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Council Members Feel Stung By Mayor Nutter’s Veto Of Sick-Leave Bill

PHILADELPHIA (CBS) – Now that Mayor Michael Nutter has sent Philadelphia City Council word for the second time in less than a week that he’s vetoing recent legislation — the latest is a sick-leave bill — some Council members are accusing the mayor of hypocrisy.

In his veto message, Nutter said the bill mandating paid sick leave for most employees could put thousands of jobs at risk and discourage businesses from coming to Philadelphia (see related story).

Councilman Darrell Clarke, one of the measure’s cosponsors, called the mayor’s remarks “inconsistent.”

“This administration has either supported or even proposed a number of initiatives that were only for the City of Philadelphia, such as the sugar tax and one percent increase in sales tax, that in all accounts would have created burdens on some of the businesses in Philadelphia,” he told KYW Newsradio.

But Clarke says that when critics claim government should not mandate how businesses operate, he responds that their argument sends the wrong message.

“If we took that position years ago we would not have minimum wage, we would not have child labor laws that support workers’ rights,” Clarke says.

Another cosponsor of the sick-leave bill, Councilman Bill Greenlee, says they made 19 changes to the legislation to accommodate complaints from employers.

“We felt that we were cooperating with the business community to try to get the best bill for all concerned,” he says.

The sick-time bill passed by the bare minimum, nine votes to eight.  If Council attempts to override the mayor’s veto when sessions resume in September, 12 votes will be needed.

Reported by Steve Tawa, KYW Newsradio 1060

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  • Francis Graff

    I don’t know Darrell, two vetoes is mighty “consistent” sounding to me.

  • sammysamples

    I made a plain statement Kathy and you’re playing with figures. How many of your 40% of businesses is based on very part-time workers. I also have no idea where you’re getting your “research” from, about young people only taking off 3-4 days a year, you’re making me laugh. Will admit that I didn’t see the bill and really don’t know what “modest” amounts were suggested, but as I mentioned before, people take advantage. Politicians also take advantage by passing a small bill to start with, then casually upping it the next year, ahem,ahem,ahem.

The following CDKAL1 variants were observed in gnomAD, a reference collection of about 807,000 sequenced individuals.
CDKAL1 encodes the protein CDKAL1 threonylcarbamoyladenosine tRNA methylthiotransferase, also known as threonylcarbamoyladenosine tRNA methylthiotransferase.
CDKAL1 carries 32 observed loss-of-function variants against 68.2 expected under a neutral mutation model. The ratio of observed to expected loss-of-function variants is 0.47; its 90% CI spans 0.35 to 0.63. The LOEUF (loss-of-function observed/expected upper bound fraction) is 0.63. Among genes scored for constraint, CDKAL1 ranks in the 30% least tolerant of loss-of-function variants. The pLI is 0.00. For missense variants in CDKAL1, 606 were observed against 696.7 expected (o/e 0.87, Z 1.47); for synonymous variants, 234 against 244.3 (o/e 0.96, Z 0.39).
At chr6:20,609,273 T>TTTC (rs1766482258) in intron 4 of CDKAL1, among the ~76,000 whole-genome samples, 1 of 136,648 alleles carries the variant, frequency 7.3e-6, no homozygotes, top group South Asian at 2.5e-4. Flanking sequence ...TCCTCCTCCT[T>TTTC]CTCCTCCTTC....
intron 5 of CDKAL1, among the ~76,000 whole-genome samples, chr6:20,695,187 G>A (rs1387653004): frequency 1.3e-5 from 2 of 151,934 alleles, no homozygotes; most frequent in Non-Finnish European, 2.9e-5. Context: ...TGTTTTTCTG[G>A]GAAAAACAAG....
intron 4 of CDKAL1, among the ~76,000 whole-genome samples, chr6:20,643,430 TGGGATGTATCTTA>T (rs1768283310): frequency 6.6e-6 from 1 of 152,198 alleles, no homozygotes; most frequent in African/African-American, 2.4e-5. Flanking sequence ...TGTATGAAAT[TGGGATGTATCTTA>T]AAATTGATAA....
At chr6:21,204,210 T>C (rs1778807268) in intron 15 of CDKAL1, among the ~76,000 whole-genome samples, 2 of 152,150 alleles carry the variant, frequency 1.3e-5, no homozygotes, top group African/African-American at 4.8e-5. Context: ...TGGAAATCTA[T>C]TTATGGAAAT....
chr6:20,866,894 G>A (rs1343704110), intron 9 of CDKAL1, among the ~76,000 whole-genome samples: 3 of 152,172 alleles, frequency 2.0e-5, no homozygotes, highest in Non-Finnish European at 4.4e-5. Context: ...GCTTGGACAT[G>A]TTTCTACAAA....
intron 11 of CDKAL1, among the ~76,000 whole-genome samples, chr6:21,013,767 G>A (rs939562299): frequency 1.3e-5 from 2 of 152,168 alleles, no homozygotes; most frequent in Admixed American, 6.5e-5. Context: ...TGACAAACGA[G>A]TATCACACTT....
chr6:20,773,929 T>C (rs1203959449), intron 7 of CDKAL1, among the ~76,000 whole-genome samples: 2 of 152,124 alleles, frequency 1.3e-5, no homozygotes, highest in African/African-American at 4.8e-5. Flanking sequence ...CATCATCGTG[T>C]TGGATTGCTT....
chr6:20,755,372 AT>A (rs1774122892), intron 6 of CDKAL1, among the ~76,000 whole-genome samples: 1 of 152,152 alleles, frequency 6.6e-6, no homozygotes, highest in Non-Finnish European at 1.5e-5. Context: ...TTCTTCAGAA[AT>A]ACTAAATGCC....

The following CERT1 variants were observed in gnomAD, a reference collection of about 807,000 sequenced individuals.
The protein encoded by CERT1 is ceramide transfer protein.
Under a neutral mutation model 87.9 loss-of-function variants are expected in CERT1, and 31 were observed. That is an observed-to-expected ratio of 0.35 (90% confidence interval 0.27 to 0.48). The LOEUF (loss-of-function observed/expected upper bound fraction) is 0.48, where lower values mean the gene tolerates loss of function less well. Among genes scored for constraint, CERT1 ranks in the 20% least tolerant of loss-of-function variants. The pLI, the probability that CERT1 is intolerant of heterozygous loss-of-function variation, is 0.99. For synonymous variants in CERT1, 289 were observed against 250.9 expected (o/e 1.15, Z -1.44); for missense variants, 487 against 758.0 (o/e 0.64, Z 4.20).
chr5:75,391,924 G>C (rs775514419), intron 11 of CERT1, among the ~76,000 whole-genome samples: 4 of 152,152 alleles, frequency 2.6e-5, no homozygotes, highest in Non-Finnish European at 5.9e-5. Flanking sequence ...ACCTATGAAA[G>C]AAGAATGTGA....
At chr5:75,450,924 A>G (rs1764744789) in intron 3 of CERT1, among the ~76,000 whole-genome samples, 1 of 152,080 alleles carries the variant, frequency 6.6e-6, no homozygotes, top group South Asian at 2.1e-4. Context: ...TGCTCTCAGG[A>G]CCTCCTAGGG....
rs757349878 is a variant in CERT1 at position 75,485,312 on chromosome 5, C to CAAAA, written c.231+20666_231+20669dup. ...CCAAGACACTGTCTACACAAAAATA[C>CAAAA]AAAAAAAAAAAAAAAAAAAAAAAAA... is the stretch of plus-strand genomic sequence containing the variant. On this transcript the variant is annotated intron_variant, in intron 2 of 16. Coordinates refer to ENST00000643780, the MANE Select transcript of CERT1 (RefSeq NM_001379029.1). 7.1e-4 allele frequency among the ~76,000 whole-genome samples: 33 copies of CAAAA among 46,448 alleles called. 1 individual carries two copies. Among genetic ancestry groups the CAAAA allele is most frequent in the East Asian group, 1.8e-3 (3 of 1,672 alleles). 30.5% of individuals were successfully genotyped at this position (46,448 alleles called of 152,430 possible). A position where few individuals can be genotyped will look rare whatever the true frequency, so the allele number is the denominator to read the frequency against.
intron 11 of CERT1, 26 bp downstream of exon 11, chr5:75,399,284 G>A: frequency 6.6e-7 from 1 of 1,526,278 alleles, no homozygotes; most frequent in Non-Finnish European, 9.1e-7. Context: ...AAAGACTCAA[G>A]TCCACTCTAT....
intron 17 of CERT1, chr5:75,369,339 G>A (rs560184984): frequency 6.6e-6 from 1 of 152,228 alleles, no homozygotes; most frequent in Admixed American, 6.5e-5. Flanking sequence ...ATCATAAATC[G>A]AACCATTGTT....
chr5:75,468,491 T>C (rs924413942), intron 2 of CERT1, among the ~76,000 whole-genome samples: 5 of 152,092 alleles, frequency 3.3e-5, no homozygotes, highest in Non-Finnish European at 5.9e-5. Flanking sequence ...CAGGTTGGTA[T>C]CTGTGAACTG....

• DUH

    Hey Clarke, reach back, grab both shoulders, and quickly pull your head out of your A$$………Your comparison of WHY this should happen is SO very weak, lame and irelevant!!! You should be embarrassed and perhaps think twice before you say something SO VERY STUPID!!!!!


    Who the HELL is city council to tell businesses how to handle sick leave??? EVERY one of these JERKS needs to be voted out…..including Darrell Clarke! This council is just TOTALLY out of control and out of line. You’d all be better suited with another scam group, such as the DRPA. UNREAL!

  • Vinniec

    Once again, government looks to step in somewhere it should have no say. Work on getting rid of DROP and keep your hands out of the cookie jar!

  • billy

    how can the city tell a buisness to give paid sick leave when at the same time they punish there own workers that use(not abuse) sick time.

  • sammysamples

    With the work ethic of the younger generation out there I must admit that I’m behind Nutter this time. Most businesses give you some sick days anyway. The businesses that don’t are usually private and will compensate you on their own anyway. Forcing a business to pay for extended sick leaves is something that many small ones simply can’t afford. It would be nice to have a law like this, but I think too many people these days would take advantage of it.

    • Kathy Black

      More than 40% of businessesin Philadelphia don’t provide sick leave, and very few offer extended leave – nor would this bill call for that. It reqires very modest amounts of leave, and contrary to your assumption, research shows even young people take only an average of 3-4 days per year, no matter what they are allotted. Your view of your fellow humans is disheartening. They’re better than you think. Also, the smallest businesses were exempted, and the next tier has reduced requirements.

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